L E A R N
The most common connector used for S/PDIFis an RCA coaxial connector (see
). WhileS/PDIF RCA coaxial uses the same connector asthe analog RCA connection on consumer au-dio products, the cables are not the same, andthese connections shouldnot be confused. PreSonusproducts that offer S/PDIFRCA coaxial inputs and out-puts include theFireStudio26x26,FireStudio Mobile,
andFireStudio Project. TheStudioLive
16.4.2andStu-dioLive 24.4.2digital mixershave an S/PDIF RCA output, and theCentral Sta-tionhas an S/PDIF RCA input.S/PDIF also can be sent over Toslink opticalconnections, and these have become fairly com-mon in semi-pro and professional audio gear.This is the same connector used for ADAT Light-pipe but the digital protocol is different. TheCentral Stationoffers an S/PDIF Toslink opticalinput, in addition to its S/PDIF RCA input; it isthe only current PreSonus product that offers S/ PDIF on Toslink.
TDIF (Tascam Digital Interface) transmits andreceives up to 8 channels of digital audio over asingle cable and uses a 25-pin D-sub connector.Tascam introduced TIDF with the DA-88 modu-lar digital multitrack recorder, and the formatwas later adopted by other companies. However,PreSonus products do not use TDIF.The TDIF-1 specication has developedover the years. Early versions did not supportself-clocking so a separate BNC word-clockconnection was required. Later products addedself-clocking, and the TDIF-1 version 2.0 speci-cation added transfer of higher-resolution (upto 192 kHz) digital audio, albeit with reducedtrack counts.
Digital Clocking, Word Clock,and BNC
Digital clocking signals are used to syn-chronize digital audio signals owing betweendevices in order to avoid data errors. Why is thatnecessary? Read on!Analog audio is transferred through a cable asa continuous electrical waveform–it’s not di-vided into discrete steps—and electricity travelsthrough a straight wire at almost the speed oflight. So when you route audio between analogdevices, the signals arrive instantaneously, forpractical purposes. Therefore, you don’t have tosynchronize analog audio when routing betweendevices.Transferring digital audio is a very differentmatter. Computers and other digital devicesoperate one step at a time, which happens veryquickly but it’s not instantaneous, and digitalsignals are not inherently in perfect time. True,uncompressed digital audio plays at a xed rate(the sampling frequency) but digital clocks arenot perfect; their frequency can drift, and theyalmost always have at least some irregular errorsknown as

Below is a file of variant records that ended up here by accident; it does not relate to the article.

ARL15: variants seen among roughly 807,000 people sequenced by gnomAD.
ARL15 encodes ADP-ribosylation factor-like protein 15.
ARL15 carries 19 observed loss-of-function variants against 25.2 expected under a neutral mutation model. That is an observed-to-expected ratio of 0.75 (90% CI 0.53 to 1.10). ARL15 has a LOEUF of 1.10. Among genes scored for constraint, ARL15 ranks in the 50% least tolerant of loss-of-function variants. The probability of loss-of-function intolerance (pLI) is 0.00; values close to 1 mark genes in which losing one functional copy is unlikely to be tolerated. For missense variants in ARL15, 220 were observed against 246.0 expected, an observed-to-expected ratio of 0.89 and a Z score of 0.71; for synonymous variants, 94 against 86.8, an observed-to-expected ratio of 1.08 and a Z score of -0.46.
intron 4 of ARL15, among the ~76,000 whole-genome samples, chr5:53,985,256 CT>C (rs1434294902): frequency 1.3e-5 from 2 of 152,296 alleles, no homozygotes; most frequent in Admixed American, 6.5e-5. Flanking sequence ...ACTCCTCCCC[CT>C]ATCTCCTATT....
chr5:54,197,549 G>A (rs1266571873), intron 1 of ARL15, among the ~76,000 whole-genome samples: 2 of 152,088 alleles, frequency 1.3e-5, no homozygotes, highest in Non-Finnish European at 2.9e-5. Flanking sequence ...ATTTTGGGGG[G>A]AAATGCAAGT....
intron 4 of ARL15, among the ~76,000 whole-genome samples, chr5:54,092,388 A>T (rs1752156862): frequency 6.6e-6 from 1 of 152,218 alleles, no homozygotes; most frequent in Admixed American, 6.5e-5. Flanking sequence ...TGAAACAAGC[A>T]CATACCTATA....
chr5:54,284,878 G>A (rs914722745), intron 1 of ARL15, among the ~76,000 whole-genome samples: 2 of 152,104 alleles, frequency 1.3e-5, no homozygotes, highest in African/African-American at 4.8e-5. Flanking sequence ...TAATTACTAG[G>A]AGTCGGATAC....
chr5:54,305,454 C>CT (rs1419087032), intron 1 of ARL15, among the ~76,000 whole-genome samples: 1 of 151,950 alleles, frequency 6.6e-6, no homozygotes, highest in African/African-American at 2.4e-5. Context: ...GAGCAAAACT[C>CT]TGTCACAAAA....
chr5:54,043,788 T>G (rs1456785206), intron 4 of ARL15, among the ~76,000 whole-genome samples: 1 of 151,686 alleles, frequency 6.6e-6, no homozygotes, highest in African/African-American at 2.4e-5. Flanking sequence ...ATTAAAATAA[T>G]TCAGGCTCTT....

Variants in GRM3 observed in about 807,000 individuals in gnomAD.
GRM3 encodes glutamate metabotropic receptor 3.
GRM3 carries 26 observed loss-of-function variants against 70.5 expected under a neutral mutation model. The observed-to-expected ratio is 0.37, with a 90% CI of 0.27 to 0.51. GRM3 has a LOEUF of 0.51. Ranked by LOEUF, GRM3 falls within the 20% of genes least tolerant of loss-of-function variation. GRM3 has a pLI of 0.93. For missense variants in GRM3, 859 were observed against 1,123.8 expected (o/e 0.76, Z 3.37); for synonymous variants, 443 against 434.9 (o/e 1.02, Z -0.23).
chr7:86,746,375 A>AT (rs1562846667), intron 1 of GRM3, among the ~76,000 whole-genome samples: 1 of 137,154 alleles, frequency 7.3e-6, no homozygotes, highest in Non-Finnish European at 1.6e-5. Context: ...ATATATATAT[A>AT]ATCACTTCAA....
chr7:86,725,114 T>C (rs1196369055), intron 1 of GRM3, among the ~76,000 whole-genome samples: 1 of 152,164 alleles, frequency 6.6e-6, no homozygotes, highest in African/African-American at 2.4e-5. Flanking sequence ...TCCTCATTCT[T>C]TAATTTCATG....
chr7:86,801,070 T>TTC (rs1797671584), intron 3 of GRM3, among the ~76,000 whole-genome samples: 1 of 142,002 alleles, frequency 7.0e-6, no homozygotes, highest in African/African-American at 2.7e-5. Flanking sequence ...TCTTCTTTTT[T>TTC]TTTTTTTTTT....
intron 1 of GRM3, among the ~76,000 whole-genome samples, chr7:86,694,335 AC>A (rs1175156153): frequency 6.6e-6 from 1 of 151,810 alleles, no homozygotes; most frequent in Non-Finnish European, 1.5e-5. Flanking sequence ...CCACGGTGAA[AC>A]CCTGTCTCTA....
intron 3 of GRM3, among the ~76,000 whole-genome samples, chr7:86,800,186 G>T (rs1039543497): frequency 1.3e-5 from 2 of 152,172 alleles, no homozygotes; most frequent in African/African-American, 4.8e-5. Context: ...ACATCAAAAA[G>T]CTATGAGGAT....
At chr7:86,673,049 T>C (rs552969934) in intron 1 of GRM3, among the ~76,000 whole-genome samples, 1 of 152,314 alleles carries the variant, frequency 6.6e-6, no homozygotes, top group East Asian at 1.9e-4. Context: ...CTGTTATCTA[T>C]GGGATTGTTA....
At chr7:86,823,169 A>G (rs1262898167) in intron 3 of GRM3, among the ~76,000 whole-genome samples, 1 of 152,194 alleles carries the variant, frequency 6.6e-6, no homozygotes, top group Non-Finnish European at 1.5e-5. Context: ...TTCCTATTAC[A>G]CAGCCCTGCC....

. Therefore, two devices, each fol-lowing its own clock, are highly unlikely to stayin agreement about precisely when a samplestarts and ends. The result is usually an artifact:a pop or glitch in the audio.To avoid this problem, when transferringdigital audio in real time among multiple digitaldevices, all digital devices need to follow a singlemaster clock. That means the master clock hasto send a signal that essentially says, “everyonestart
at this moment
and follow me!” Even ifthe master clock’s timing is imperfect, all of theslave devices will follow the timing errors exactlyand will stay in sync with each other. Therefore,you won’t get timing-related artifacts.Three basic clocking systems are in commonuse in digital-audio systems. Each is used invarious PreSonus gear.In a
, the clock signalis embedded in the audio stream. Samples arestreaming in real time, with the clock markingthe start time of each sample. The receivingdevice extracts the embedded clock signal fromthe digital audio. Self-clocking is implementedin every digital audio protocol (ADAT, S/PDIF,AES/EBU, etc.), and all PreSonus devices thatoffer ADAT Lightpipe or S/PDIF I/O employ self-clocking systems for those connections.
FIG. 2: RCA coaxialconnectors are commonlyused for S/PDIF digitalaudio.